► In today’s Kitsap Sun — Harrison Medical Center considers outsourcing its records unit — The department employs about 50 people (UFCW Local 21) who manage patient records, including paperwork to release records, and translate records and other data into the hospital’s electronic-records system. No final decision has been made.

► In honor of Cinco de Mayo, a Recipe for Union-made Enchiladas (courtesy of the Pierce Council Central Labor Council’s Union Label Committee), which also includes a list of Union-made tequilas!




► At Huffington Post — Congress revolts on Obama plan that would ban ‘Buy American’ — A group of 68 House Democrats and one Republican sent a letter to President Barack Obama on Thursday urging him to reconsider an element of the controversial free trade agreement currently being negotiated by the administration. If approved in its current form, the pact would effectively ban “Buy American” policies in government contracting. Although the deal, known as the Trans-Pacific Partnership, has received relatively little media attention in the United States, it has sparked international friction among consumer groups and environmental activists who worry that terms demanded by the Obama administration will eliminate important public protections.

ALSO at The Stand — Sign petition to stop the secrecy on the latest round of trade talks (April 23)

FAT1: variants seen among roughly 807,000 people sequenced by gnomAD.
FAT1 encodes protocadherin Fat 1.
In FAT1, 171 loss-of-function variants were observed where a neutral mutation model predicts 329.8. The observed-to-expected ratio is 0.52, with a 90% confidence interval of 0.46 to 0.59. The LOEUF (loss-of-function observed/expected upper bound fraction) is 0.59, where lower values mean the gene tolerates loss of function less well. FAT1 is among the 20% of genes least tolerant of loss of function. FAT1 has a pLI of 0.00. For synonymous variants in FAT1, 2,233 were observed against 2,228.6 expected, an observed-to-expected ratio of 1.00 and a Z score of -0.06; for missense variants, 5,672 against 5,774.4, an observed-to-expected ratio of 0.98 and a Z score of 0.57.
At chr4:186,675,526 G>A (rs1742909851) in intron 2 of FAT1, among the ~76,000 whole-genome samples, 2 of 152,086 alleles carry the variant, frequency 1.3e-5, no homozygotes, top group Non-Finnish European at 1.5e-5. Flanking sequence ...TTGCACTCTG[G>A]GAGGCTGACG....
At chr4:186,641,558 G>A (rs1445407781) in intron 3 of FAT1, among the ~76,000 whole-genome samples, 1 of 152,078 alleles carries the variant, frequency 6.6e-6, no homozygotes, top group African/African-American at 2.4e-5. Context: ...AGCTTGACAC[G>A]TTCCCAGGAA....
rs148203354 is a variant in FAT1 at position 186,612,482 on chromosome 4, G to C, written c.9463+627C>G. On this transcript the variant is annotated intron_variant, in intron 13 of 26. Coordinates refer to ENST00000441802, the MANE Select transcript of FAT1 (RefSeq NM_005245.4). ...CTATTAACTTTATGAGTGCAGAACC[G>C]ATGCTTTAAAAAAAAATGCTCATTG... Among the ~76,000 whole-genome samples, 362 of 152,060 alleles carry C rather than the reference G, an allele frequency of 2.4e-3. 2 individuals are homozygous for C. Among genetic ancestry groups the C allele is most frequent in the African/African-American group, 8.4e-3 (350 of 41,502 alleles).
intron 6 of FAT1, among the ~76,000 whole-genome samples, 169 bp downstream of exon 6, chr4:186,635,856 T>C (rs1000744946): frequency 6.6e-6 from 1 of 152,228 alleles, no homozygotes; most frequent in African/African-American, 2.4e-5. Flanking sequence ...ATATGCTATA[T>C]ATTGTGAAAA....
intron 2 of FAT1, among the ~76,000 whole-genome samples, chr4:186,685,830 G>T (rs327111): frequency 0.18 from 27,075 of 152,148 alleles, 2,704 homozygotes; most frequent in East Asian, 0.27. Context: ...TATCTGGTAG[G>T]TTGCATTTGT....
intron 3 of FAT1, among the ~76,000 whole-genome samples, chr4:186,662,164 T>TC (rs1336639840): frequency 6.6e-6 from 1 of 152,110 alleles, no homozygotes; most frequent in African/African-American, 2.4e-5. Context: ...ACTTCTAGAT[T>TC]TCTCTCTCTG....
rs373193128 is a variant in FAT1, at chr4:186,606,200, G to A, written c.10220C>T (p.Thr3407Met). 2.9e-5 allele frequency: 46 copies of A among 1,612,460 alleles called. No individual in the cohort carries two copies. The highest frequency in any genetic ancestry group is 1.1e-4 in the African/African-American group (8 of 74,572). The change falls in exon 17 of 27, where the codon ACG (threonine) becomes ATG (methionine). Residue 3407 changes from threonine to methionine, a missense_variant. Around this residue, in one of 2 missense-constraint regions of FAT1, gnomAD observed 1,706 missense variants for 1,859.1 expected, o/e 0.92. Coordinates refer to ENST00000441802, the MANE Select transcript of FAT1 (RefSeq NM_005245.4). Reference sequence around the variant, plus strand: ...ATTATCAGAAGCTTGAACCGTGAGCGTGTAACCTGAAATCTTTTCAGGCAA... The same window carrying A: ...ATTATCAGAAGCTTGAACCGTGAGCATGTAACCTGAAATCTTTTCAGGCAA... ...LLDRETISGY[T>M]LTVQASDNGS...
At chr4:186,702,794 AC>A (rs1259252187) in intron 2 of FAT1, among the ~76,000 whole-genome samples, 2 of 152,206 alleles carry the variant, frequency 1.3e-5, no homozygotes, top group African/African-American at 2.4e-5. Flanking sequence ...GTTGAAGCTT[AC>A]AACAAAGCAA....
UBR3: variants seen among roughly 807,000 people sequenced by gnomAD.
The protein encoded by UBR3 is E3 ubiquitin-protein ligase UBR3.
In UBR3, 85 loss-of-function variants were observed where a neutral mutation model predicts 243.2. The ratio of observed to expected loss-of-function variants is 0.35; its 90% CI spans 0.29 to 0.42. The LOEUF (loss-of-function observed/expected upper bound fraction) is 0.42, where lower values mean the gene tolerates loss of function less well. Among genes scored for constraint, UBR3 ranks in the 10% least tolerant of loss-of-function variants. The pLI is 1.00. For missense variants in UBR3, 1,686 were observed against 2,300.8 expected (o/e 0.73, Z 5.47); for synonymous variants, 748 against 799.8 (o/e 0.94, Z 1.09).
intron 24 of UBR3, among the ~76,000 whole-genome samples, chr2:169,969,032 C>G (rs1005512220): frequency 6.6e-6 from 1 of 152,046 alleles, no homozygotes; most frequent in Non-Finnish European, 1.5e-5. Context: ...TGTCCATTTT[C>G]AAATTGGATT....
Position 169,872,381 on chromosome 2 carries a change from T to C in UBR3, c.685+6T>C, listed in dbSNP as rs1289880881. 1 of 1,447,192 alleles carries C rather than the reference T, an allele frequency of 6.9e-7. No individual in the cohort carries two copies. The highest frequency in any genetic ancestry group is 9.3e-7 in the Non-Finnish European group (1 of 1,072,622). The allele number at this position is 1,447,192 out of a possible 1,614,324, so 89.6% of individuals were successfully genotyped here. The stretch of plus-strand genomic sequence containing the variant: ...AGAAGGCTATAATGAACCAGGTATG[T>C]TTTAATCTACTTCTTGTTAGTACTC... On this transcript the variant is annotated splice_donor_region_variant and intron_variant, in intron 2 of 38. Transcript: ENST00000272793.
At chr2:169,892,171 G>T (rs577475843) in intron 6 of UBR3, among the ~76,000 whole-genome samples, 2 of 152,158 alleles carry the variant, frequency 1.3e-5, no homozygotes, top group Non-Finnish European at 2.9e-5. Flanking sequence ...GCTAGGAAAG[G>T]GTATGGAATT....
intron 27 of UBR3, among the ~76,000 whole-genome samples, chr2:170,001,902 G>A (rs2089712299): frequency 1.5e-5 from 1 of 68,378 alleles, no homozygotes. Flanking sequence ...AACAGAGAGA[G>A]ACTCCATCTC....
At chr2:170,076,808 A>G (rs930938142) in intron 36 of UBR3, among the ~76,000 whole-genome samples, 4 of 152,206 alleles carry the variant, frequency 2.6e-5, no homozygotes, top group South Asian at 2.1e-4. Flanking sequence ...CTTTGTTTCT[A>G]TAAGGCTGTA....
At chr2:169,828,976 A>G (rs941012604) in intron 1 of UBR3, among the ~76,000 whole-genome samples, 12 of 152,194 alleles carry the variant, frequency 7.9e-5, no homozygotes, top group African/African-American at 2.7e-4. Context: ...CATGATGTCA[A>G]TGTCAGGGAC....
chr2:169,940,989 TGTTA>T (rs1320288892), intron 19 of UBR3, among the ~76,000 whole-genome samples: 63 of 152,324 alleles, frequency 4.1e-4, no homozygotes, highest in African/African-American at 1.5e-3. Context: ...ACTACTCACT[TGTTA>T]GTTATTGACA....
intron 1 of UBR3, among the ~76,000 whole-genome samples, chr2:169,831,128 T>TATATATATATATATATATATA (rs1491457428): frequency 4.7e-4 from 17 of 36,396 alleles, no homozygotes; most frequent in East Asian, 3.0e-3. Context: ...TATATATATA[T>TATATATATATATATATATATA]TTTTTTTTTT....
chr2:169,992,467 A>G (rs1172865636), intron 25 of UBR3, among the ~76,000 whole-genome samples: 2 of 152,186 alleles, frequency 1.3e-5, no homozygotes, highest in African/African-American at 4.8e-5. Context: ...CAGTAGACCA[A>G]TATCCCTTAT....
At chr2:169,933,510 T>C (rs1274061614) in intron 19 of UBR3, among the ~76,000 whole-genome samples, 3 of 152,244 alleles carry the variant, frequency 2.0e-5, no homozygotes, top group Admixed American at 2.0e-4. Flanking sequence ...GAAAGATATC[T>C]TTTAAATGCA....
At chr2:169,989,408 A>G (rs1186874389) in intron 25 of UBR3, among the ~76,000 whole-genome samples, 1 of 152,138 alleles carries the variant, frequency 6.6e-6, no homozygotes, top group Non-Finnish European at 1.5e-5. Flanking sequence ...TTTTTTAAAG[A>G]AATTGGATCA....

► At AFL-CIO Now — Republicans attack Obama on jobs — from overseas call center — The Republican National Committee used a call center based in the Philippines to hold a media conference attacking President Obama’s economic record. The RNC didn’t help its image by pointing out that the call was run by Verizon.




► At AFL-CIO Now — Workers, allies barnstorm Verizon shareholder meeting — The Verizon shareholder meeting comes as the corporation is in negotiations with the CWA and IBEW. The corporation — which made $100 billion in profits last year — is asking its workers for givebacks amounting to as much as $20,000 per worker, while tripling the compensation of its CEO, Lowell McAdam, from $7.2 million to $23.1 million.

ALSO at The Stand — Tell Verizon to stop being so VeriGreedy

► At Huffington Post — 99% spring disrupts Verizon shareholder meeting six times(by Dave Johnson) — You’d be hard-pressed to find a better example of corporate greed than Verizon, a company making billions and tripling its CEO’s pay while demanding givebacks from its workers. Today the 99% Spring movement let Verizon know that 99% of us are trying to bring big corporations back under democracy’s control. Today’s Verizon shareholder meeting in Huntsville, Alabama was disrupted six separate times by members of the 99% Power coalition, part of the 99% Spring movement.